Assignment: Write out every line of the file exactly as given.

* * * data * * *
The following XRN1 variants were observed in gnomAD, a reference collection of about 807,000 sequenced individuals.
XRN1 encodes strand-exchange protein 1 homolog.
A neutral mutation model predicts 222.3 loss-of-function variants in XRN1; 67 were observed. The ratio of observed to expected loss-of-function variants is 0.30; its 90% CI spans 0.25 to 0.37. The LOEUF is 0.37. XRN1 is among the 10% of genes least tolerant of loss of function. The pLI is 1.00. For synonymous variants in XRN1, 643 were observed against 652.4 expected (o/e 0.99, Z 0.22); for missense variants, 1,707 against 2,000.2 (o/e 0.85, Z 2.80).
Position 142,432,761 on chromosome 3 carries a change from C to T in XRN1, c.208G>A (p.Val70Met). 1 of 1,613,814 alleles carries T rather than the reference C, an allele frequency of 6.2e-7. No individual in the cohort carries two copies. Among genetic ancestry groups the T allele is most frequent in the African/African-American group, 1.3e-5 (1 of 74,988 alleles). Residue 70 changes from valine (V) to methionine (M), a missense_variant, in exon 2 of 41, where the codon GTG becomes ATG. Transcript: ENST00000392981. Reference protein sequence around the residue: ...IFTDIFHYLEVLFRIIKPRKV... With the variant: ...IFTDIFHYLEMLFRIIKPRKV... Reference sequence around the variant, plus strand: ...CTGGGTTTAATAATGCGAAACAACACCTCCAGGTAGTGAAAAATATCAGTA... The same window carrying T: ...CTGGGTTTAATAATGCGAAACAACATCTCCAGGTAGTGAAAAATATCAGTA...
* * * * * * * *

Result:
The following XRN1 variants were observed in gnomAD, a reference collection of about 807,000 sequenced individuals.
XRN1 encodes strand-exchange protein 1 homolog.
A neutral mutation model predicts 222.3 loss-of-function variants in XRN1; 67 were observed. The ratio of observed to expected loss-of-function variants is 0.30; its 90% CI spans 0.25 to 0.37. The LOEUF is 0.37. XRN1 is among the 10% of genes least tolerant of loss of function. The pLI is 1.00. For synonymous variants in XRN1, 643 were observed against 652.4 expected (o/e 0.99, Z 0.22); for missense variants, 1,707 against 2,000.2 (o/e 0.85, Z 2.80).
Position 142,432,761 on chromosome 3 carries a change from C to T in XRN1, c.208G>A (p.Val70Met). 1 of 1,613,814 alleles carries T rather than the reference C, an allele frequency of 6.2e-7. No individual in the cohort carries two copies. Among genetic ancestry groups the T allele is most frequent in the African/African-American group, 1.3e-5 (1 of 74,988 alleles). Residue 70 changes from valine (V) to methionine (M), a missense_variant, in exon 2 of 41, where the codon GTG becomes ATG. Transcript: ENST00000392981. Reference protein sequence around the residue: ...IFTDIFHYLEVLFRIIKPRKV... With the variant: ...IFTDIFHYLEMLFRIIKPRKV... Reference sequence around the variant, plus strand: ...CTGGGTTTAATAATGCGAAACAACACCTCCAGGTAGTGAAAAATATCAGTA... The same window carrying T: ...CTGGGTTTAATAATGCGAAACAACATCTCCAGGTAGTGAAAAATATCAGTA...